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The Hacker News — Cyber Security and Hacking News Website: Router DNS hacking

GhostDNS: New DNS Changer Botnet Hijacked Over 100,000 Routers

GhostDNS: New DNS Changer Botnet Hijacked Over 100,000 Routers

October 01, 2018Swati Khandelwal
Chinese cybersecurity researchers have uncovered a widespread, ongoing malware campaign that has already hijacked over 100,000 home routers and modified their DNS settings to hack users with malicious web pages—especially if they visit banking sites—and steal their login credentials. Dubbed GhostDNS , the campaign has many similarities with the infamous DNSChanger malware that works by changing DNS server settings on an infected device, allowing attackers to route the users' internet traffic through malicious servers and steal sensitive data. According to a new report from cybersecurity firm Qihoo 360's NetLab, just like the regular DNSChanger campaign, GhostDNS scans for the IP addresses for routers that use weak or no password at all, accesses the routers' settings, and then changes the router's default DNS address to the one controlled by the attackers. GhostDNS System: List of Modules and Sub-Modules The GhostDNS system mainly includes four modules:
DNS-Hijacking Malware Targeting iOS, Android and Desktop Users Worldwide

DNS-Hijacking Malware Targeting iOS, Android and Desktop Users Worldwide

May 21, 2018Swati Khandelwal
Widespread routers' DNS hijacking malware that recently found targeting Android devices has now been upgraded its capabilities to target iOS devices as well as desktop users. Dubbed Roaming Mantis , the malware was initially found hijacking Internet routers last month to distribute Android banking malware designed to steal users' login credentials and the secret code for two-factor authentication. According to security researchers at Kaspersky Lab s, the criminal group behind the Roaming Mantis campaign has broadened their targets by adding phishing attacks for iOS devices, and cryptocurrency mining script for PC users. Moreover, while the initial attacks were designed to target users from South East Asia–including South Korea, China Bangladesh, and Japan–the new campaign now support 27 languages to expand its operations to infect people across Europe and the Middle East. How the Roaming Mantis Malware Works Similar to the previous version, the new Roaming Mantis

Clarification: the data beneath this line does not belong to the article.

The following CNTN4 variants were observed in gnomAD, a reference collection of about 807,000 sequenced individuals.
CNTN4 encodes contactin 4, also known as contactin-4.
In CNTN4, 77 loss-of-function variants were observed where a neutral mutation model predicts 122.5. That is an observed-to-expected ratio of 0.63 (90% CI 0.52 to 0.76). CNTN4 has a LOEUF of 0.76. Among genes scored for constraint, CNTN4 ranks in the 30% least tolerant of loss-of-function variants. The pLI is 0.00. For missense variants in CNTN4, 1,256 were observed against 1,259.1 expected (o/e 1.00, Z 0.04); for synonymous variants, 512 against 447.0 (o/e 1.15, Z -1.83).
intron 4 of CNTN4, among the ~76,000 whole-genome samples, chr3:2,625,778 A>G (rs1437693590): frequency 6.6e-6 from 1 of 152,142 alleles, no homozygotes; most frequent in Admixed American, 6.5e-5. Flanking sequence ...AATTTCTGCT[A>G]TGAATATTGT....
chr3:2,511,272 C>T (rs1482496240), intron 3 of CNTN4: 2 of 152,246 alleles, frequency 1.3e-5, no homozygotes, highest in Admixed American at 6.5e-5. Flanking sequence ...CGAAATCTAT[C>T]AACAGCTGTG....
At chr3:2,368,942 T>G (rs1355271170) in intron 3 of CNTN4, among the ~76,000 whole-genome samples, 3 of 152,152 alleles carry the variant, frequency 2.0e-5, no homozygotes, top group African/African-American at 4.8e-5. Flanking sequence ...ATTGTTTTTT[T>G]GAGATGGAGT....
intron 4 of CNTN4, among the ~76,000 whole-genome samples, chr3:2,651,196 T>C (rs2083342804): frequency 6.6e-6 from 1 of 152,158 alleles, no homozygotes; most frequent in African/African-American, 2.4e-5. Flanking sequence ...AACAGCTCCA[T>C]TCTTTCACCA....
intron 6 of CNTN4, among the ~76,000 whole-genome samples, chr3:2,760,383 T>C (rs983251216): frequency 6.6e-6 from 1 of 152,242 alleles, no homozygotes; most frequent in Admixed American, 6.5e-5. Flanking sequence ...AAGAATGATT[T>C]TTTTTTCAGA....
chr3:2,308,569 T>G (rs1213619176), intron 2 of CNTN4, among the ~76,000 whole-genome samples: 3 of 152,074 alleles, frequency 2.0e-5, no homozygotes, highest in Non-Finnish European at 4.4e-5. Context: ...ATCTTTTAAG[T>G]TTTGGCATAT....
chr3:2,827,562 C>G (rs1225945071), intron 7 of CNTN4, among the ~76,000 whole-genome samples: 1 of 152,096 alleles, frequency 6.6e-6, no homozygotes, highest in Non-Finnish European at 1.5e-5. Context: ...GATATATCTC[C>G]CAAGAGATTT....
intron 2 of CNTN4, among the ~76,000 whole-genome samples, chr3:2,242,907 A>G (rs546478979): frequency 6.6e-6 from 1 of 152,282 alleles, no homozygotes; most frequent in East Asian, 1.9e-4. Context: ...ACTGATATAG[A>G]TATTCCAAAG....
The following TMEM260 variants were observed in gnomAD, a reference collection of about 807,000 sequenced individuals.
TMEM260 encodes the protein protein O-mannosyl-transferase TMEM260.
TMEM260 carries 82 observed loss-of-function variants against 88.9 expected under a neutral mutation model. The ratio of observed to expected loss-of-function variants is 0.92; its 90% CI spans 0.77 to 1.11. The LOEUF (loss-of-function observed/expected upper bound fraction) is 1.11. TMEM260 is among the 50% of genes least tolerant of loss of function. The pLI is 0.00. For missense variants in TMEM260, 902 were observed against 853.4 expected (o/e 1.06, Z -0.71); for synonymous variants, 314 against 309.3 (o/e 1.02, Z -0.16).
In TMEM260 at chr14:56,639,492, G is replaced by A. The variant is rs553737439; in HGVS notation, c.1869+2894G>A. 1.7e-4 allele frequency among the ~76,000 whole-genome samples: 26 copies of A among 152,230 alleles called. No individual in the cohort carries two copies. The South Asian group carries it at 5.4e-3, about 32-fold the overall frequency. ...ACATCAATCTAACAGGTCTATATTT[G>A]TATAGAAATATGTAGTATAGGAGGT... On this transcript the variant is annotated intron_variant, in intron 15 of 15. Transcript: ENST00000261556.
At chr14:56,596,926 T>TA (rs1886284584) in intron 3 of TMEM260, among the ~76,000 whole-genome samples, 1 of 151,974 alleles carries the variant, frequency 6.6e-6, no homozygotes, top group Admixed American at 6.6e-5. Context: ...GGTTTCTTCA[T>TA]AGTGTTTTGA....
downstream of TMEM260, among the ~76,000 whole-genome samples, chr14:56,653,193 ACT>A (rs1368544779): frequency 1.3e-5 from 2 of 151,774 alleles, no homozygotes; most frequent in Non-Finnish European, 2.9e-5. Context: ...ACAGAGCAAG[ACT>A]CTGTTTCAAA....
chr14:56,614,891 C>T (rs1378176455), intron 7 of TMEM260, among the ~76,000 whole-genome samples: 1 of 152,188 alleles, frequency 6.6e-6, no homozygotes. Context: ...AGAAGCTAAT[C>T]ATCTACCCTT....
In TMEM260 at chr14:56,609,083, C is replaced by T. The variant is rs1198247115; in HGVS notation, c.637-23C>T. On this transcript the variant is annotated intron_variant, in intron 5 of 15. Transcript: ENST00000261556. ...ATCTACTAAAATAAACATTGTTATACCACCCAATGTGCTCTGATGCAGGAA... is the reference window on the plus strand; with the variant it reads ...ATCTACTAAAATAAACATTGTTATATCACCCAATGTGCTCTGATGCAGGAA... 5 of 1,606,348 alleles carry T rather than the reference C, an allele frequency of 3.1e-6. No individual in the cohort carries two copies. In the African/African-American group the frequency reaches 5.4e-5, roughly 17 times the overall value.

Cybercriminals Hijack Router DNS to Distribute Android Banking Trojan

Cybercriminals Hijack Router DNS to Distribute Android Banking Trojan

April 16, 2018Swati Khandelwal
Security researchers have been warning about an ongoing malware campaign hijacking Internet routers to distribute Android banking malware that steals users' sensitive information, login credentials and the secret code for two-factor authentication. In order to trick victims into installing the Android malware, dubbed Roaming Mantis , hackers have been hijacking DNS settings on vulnerable and poorly secured routers . DNS hijacking attack allows hackers to intercept traffic, inject rogue ads on web-pages and redirect users to phishing pages designed to trick them into sharing their sensitive information like login credentials, bank account details, and more. Hijacking routers' DNS for a malicious purpose is not new. Previously we reported about widespread DNSChanger and Switcher —both the malware worked by changing the DNS settings of the wireless routers to redirect traffic to malicious websites controlled by attackers. Discovered by security researchers at Kaspersk
Critical Flaw in All Blizzard Games Could Let Hackers Hijack Millions of PCs

Critical Flaw in All Blizzard Games Could Let Hackers Hijack Millions of PCs

January 23, 2018Mohit Kumar